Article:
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“No other intervention has ever been shown to have such a profound effect on protecting the brain.” Dr. John Day, drjohnday.com

“Exercise is a really, really great thing for the brain. We need to learn more, since we have nothing better at this moment to combat cognitive decline.” Joyce Gomes-Osman, PT, PhD, University of Miami Miller School of Medicine (TIME Health, May 30, 2018)

Fitness Boosts Brain Function Late in Life

Sleep More, Walk Faster, Think Young

We’ve long known that exercise helps keep the heart going strong. New research suggests that the same is true for the brain. Moreover, it affirms Deepak Chopra’s concept of The Healing Self—fitness level in midlife appears to affect the risk of dementia decades later.

Another study assesses the dose and type of exercise required to optimize brain function. Finally, we have new information on the role of sleep and positive thinking.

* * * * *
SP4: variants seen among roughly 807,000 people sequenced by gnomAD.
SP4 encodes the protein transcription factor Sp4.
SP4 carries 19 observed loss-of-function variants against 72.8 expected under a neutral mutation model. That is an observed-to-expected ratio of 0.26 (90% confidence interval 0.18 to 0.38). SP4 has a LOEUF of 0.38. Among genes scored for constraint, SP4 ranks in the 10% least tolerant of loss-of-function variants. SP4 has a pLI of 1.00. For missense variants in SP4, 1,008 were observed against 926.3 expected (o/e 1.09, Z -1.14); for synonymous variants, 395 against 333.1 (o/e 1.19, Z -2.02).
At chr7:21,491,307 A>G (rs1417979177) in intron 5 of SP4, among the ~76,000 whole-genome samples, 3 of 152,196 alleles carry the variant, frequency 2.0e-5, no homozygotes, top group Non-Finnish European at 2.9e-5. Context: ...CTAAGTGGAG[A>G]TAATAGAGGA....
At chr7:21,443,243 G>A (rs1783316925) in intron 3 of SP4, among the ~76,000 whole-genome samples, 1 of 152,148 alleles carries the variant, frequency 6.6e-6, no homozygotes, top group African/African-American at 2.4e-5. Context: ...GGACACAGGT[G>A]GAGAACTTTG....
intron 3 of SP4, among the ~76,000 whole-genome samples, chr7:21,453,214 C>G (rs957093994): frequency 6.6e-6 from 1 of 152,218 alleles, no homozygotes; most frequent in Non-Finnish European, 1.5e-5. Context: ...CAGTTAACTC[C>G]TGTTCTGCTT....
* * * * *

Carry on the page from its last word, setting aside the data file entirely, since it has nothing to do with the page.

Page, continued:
Fitness in Midlife Wards Off Dementia Decades Later

A study begun in 1968 measured the fitness levels of 191 carefully chosen middle aged Swedish women—and monitored them for dementia over the next 44 years. Cognitive testing was done six times: in 1974, 1980, 1992, 2000, 2005, and 2009. (Hospital records and other data was checked through 2012.)

Researchers from the University of Gothenburg in Sweden reported March 14, 2018, in the journal Neurology, that women with lower fitness levels had a higher risk for dementia. And that’s putting it mildly.